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My grandfather grew okra for me. He tended the bushes carefully, harvesting and freezing it so he’d have some when I came to Texas to visit. I’d walk out to the back porch, move the cases of Coke bottles off the deep freeze onto the painted cement floor. Lifting open the freezer, I’d marvel at the bags of frozen okra closed with a twist tie. I’d realize I didn’t go home enough.
I live in Santa Monica now and still miss my grandfather; but I can always eat okra at my favorite Indian restaurant, Nawab of India.
Sit down at certain Texas joints and a waitress slings a basket of hush puppies on your table as she heads to pick up the fried catfish for table 14. I’ve expanded my horizon. Now I crave the lighter, brighter Indian version of the southern fried cornmeal snack: Onion Bhaji, exotic mounds stuffed with onion, cumin, turmeric and coriander.
Lightly firm onions threaded though batter. The flavor and texture of bhaji are as crisp and impressive as the bow tie my grandfather taught me to tie. I could eat a dozen bhaji, but I leave space for the other exciting dishes they introduce.
My grandfather was a carpenter. He had huge biceps that me and my three brothers would hang from when we were kids, while he spun around and flew our scrawny bodies out like a human carnival ride. The food at Nawab is also built. Layers of flavor and spices in techniques are on display that I long to accomplish.
Began Bharta is such a dish. Eggplant is roasted in the tandoor oven, then sautéed with spices,onions and tomatoes.
The handled, brass serving bowls offer the food with gentility and flair. Layers of flavor are stirred though, and as I dig the spoon in, a warm curry aroma rises. This dish reminds me that Indian cuisine is a terrific option when your dinner party includes vegetarians. Where’s the beef? Not here.
The golden walls of the dining room foreshadow the coming saffron, turmeric and graham masala. The owner and the chef at Nawab tell stories with their food.
Nawab India has a sister location in West Los Angeles. Their Bombay Cafe offers fascinating contemporary street food. Here are a couple of their plates.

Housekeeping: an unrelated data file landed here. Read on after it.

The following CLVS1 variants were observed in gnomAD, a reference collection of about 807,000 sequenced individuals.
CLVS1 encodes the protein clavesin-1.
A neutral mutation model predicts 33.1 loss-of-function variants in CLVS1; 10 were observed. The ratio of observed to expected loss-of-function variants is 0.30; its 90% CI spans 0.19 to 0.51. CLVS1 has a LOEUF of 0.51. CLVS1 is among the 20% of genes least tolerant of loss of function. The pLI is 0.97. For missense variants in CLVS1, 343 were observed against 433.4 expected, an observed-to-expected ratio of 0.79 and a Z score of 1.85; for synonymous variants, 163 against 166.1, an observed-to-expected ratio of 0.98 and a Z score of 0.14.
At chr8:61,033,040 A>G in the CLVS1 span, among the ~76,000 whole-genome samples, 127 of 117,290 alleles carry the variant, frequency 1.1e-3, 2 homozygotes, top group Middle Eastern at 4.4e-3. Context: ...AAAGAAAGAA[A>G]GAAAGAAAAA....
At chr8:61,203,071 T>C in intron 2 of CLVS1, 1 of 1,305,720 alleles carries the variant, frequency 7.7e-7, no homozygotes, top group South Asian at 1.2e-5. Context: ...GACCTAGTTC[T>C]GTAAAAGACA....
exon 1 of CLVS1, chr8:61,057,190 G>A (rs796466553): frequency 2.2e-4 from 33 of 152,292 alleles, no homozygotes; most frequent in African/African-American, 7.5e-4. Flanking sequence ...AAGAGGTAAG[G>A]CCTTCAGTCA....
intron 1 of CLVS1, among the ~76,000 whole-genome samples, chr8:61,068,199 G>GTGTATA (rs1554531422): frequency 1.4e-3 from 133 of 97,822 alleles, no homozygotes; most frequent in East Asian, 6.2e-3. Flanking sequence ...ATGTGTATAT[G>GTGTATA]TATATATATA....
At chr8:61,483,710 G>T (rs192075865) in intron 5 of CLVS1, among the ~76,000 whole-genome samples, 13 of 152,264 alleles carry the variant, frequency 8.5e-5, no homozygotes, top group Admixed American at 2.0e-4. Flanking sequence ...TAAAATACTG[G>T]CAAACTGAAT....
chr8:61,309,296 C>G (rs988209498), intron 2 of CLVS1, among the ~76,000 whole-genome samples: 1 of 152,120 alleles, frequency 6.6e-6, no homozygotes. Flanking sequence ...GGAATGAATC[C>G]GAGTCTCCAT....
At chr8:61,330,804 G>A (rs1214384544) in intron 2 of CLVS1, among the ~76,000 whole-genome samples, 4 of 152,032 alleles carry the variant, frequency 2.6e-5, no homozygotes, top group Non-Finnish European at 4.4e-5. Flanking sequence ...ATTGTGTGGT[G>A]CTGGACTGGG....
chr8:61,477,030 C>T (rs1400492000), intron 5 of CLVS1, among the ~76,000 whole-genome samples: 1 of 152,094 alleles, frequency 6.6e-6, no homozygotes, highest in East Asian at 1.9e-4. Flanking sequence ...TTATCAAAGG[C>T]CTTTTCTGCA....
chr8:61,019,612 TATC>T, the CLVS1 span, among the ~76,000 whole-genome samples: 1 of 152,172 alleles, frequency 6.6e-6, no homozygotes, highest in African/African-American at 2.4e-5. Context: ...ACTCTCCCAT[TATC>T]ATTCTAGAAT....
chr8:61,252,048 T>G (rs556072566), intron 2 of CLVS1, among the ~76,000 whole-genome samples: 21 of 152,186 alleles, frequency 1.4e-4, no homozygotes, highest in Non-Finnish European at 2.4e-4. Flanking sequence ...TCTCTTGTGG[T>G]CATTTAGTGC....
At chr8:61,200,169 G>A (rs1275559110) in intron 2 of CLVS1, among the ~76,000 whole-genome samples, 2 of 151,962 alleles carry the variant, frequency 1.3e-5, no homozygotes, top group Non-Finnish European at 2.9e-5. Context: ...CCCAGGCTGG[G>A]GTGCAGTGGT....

New menu items are a cool, creamy yogurt against warm, seasoned eggplant, refreshing and satisfying with outstanding . flavors.
Spotlight on Pani Puri: puffed, crisp shells filled with mung beans. Spoon cumin and mint infused water inside and then pop the entire thing in your mouth. My Indian waitress led me on the journey, excited to show me her native food. I appreciate the subtly and the sweetness of this unusual appetizer dish.
I wish I could take this culinary tour with my grandfather while he charmed me with the poems of his childhood. He had me captivated at the dinner table with,
“I eat my peas with honey; I’ve done it all my life. It sure makes them taste funny; but it keeps them on my knife.”
His stories are now part of me. Tradition is built.
Back at the more formal Nawab, the fire in the tandoor oven burns inconceivably hot. Fresh naan bread gets slapped on the side. The chef peels it off when, and only when, his oven wall releases the final product.
If I could go back in time, I’d take my grandfather on a long walk down our dusty road in Texas. When we reached the edge of town, just at sunset, I’d turn and we’d magically appear at my home in Santa Monica. We’d walk up my block where he’d have plenty of chances to poke me in the arm and wink when he’d spy a pretty girl.
Sixteen blocks from the beach, we’d turn into Nawab to continue our conversation over dinner. The Tandoor Chicken arrives, accompanied by a sizzle from peppers and onions on the hot platter that would echo his whistle. I’d ask, “Have you ever had chicken this plump, Pop?
“This is the juiciest bird I’ve had the good fortune to taste,” he’d say. “Must be the California sunshine.”
Their chicken is the most succulent meat I’ve found anywhere. I’d lick my fingers and wipe the corners of my mouth with the linen napkin before he reminded me.
Ask if the chef is making the same bass. If so, order it. I’ve not had such dynamically prepared fish. Spices keep the fish bouncing.
And then, just to hear my grandfather’s trademark, “Good God a’mighty!” the waiter would whip the cover off the moment I’d been waiting for: Bhindi Masala, Okra in spices and onions. The onions stay crunchy, the spices fold into the crooks of the okra.
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